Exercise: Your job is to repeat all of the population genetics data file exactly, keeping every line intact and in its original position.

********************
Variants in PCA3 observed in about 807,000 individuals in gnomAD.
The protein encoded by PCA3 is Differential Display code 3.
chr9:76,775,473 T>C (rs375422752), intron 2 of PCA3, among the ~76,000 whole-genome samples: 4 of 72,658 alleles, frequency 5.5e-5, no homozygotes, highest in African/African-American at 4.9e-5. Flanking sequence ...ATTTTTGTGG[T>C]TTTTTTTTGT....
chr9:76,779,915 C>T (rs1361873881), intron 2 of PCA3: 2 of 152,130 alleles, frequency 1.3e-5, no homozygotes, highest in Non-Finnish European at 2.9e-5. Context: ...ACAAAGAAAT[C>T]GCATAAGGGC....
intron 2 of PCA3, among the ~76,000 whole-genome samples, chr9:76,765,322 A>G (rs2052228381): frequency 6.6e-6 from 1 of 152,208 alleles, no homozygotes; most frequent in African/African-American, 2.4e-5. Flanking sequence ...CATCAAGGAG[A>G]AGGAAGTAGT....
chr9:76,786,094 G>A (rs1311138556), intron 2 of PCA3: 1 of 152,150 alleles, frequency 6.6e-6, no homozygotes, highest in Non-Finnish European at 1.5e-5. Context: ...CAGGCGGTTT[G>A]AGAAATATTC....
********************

Variants in PCA3 observed in about 807,000 individuals in gnomAD.
The protein encoded by PCA3 is Differential Display code 3.
chr9:76,775,473 T>C (rs375422752), intron 2 of PCA3, among the ~76,000 whole-genome samples: 4 of 72,658 alleles, frequency 5.5e-5, no homozygotes, highest in African/African-American at 4.9e-5. Flanking sequence ...ATTTTTGTGG[T>C]TTTTTTTTGT....
chr9:76,779,915 C>T (rs1361873881), intron 2 of PCA3: 2 of 152,130 alleles, frequency 1.3e-5, no homozygotes, highest in Non-Finnish European at 2.9e-5. Context: ...ACAAAGAAAT[C>T]GCATAAGGGC....
intron 2 of PCA3, among the ~76,000 whole-genome samples, chr9:76,765,322 A>G (rs2052228381): frequency 6.6e-6 from 1 of 152,208 alleles, no homozygotes; most frequent in African/African-American, 2.4e-5. Flanking sequence ...CATCAAGGAG[A>G]AGGAAGTAGT....
chr9:76,786,094 G>A (rs1311138556), intron 2 of PCA3: 1 of 152,150 alleles, frequency 6.6e-6, no homozygotes, highest in Non-Finnish European at 1.5e-5. Context: ...CAGGCGGTTT[G>A]AGAAATATTC....